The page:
For older and more esoteric selections like newsreels, silent films, documentaries, and early technical achievements in filmmaking, Leggett says the library often seeks out a copy from the community of preservationists. Universities, private foundations, and hobbyists that preserve old films might get a call from the Library of Congress if they have a good copy of a National Film Registry selection. In rare cases, the library will barter for the film, using redundant materials on its shelves. Other times, it will make a copy or pay the archivist to make a new 35 millimeter copy for them. The Culpeper facility stores nitrate prints, the original film stock for many early movies, in specialty lockers because the material is highly volatile and flammable.

Silent films can be tricky because studios often released, revised, and then re-released versions of the film. When one is selected, Library of Congress archivists collect as many aspects and versions of the film as they can, which might mean contacting several studios and archivists.

Of particular challenge in 2015 was the induction of Symbiopsychotaxiplasm: Take One, William Greaves’s quasi-documentary of his 1968 theatrical project staged in Central Park. The film was screened often through the years, as Greaves gained a cult following. It was released on DVD in 2006, but the National Film Preservation Act specified that the library should seek a copy in the original format, which it didn’t have. Leggett said Greaves’s 1968 original cut was “lost,” but the library worked with the late filmmaker's estate to create a new 35 millimeter version that resembled it.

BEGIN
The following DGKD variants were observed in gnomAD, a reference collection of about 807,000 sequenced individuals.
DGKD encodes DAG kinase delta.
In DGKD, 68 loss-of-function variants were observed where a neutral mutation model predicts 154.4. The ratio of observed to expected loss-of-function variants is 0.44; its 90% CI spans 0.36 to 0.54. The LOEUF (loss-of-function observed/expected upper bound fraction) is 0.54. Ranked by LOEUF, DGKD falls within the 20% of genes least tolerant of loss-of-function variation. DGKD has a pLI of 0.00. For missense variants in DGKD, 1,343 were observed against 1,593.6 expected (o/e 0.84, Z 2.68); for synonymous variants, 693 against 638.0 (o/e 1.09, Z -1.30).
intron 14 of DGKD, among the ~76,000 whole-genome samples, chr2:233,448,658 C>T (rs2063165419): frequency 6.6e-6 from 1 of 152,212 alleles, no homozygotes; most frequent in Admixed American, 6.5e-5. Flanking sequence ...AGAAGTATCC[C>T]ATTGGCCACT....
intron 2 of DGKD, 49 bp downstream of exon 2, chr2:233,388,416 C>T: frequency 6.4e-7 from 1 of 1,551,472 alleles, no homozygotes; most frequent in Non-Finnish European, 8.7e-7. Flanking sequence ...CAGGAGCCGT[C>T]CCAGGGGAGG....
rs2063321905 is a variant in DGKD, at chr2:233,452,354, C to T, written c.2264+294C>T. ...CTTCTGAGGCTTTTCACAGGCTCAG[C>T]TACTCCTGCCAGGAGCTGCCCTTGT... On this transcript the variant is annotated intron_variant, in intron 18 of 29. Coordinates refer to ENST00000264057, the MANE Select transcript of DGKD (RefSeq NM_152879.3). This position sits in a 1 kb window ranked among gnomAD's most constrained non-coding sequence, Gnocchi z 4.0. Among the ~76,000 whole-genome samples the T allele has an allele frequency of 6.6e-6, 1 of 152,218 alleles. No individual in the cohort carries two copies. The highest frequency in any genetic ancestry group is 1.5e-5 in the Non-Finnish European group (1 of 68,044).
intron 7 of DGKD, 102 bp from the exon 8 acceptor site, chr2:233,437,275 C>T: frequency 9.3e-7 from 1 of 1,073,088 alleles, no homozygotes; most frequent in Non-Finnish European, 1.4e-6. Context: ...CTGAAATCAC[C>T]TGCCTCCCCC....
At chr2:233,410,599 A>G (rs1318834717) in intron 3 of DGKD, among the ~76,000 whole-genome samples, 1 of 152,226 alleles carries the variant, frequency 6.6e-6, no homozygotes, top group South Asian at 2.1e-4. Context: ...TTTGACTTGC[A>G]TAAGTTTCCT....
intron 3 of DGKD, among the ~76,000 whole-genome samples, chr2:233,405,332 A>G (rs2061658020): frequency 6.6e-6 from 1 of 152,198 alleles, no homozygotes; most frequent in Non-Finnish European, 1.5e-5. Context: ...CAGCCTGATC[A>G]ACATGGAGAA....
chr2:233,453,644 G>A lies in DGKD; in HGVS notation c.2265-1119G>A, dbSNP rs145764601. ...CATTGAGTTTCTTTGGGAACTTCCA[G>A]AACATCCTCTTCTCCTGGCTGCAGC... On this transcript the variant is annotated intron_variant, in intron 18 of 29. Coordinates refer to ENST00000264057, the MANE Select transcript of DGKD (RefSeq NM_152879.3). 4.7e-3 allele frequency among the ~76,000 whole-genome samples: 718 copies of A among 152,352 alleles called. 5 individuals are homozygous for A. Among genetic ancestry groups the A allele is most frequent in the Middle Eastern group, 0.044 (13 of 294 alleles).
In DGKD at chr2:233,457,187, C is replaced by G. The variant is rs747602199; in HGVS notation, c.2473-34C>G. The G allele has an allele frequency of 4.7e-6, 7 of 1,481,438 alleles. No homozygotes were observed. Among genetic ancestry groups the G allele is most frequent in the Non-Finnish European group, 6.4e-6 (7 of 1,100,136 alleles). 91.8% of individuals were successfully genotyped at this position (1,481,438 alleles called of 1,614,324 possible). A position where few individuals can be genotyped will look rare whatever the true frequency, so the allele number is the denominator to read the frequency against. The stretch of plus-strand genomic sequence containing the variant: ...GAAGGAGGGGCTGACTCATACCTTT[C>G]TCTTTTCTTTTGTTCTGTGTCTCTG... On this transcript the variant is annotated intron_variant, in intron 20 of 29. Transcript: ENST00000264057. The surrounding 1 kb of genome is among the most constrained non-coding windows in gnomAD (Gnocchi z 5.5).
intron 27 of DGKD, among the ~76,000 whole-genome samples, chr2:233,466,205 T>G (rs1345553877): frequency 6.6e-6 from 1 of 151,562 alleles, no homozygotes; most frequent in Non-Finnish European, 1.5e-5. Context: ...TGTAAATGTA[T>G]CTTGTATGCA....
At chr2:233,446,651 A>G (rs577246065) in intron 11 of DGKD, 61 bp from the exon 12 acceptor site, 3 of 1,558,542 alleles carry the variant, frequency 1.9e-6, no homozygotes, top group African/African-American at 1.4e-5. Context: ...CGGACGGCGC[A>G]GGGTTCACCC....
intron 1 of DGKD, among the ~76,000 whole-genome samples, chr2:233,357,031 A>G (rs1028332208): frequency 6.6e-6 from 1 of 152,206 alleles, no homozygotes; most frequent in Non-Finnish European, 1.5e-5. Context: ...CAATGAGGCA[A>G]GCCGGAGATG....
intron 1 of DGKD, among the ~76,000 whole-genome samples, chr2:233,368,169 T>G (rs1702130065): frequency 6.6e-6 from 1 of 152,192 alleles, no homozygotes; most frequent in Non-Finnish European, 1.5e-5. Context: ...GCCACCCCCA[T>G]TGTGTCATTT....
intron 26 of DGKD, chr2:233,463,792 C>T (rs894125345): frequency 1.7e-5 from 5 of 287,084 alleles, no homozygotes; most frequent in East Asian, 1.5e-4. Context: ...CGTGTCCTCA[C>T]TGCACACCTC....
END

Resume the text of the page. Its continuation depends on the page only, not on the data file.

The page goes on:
The Audio-Visual Conservation Center itself, buried on a mountainside, has storage space controlled to stay cool and dry. “A film could survive for hundreds of years there,” Leggett says. He admits the audiovisual center wouldn’t survive a nuclear strike—in the event of World War III, the world might lose its best copy of Buster Keaton’s The General—“but it did survive an earthquake with all materials intact.”

Grant Lamos IV/Getty Images for the 2015 Tribeca Film Festival
15 Surprising Facts About Steve Buscemi
Grant Lamos IV/Getty Images for the 2015 Tribeca Film Festival
Grant Lamos IV/Getty Images for the 2015 Tribeca Film Festival

With his meme-worthy eyes, tireless work schedule, and penchant for playing lovable losers, Steve Buscemi is arguably the king of character actors. Moving seamlessly between big-budget films and shoestring independent projects, he’s appeared in well over 100 movies in the past 30 years. But if you think he’s anything like the oddballs and villains he regularly plays—well, you don’t know Buscemi. In celebration of the Brooklyn native's 60th birthday, here are 15 things you might not have known about the Golden Globe-winning actor.


It only seems appropriate that Buscemi, who dies on screen so frequently, would be born on such a foreboding date. Growing up in Brooklyn and Valley Stream, New York, Buscemi also experienced plenty of real-life misfortune. As a kid, he was hit by a bus and by a car (in separate incidents). On the plus side, he used the money from the legal settlement following the bus accident to attend the Lee Strasberg Theatre & Film Institute in New York City.


As a teenager, Buscemi worked a series of odd jobs: ice cream truck driver, mover, gas station attendant. He even sold newspapers in the toll lane of the Triborough Bridge. When Buscemi turned 18, his father, a sanitation worker, encouraged his son to take the civil service exam and become a New York City firefighter. Four years later, in 1980, the future star became a member of Engine Co. 55, located in New York City's Little Italy district. While he answered emergency calls during the day, at night Buscemi played improv clubs and auditioned for acting roles.

After four years working for the FDNY, Buscemi landed one of the lead roles in Bill Sherwood’s Parting Glances (1986), a drama set during the early days of AIDS in New York. Buscemi took a three-month leave of absence during filming, and afterwards decided not to return.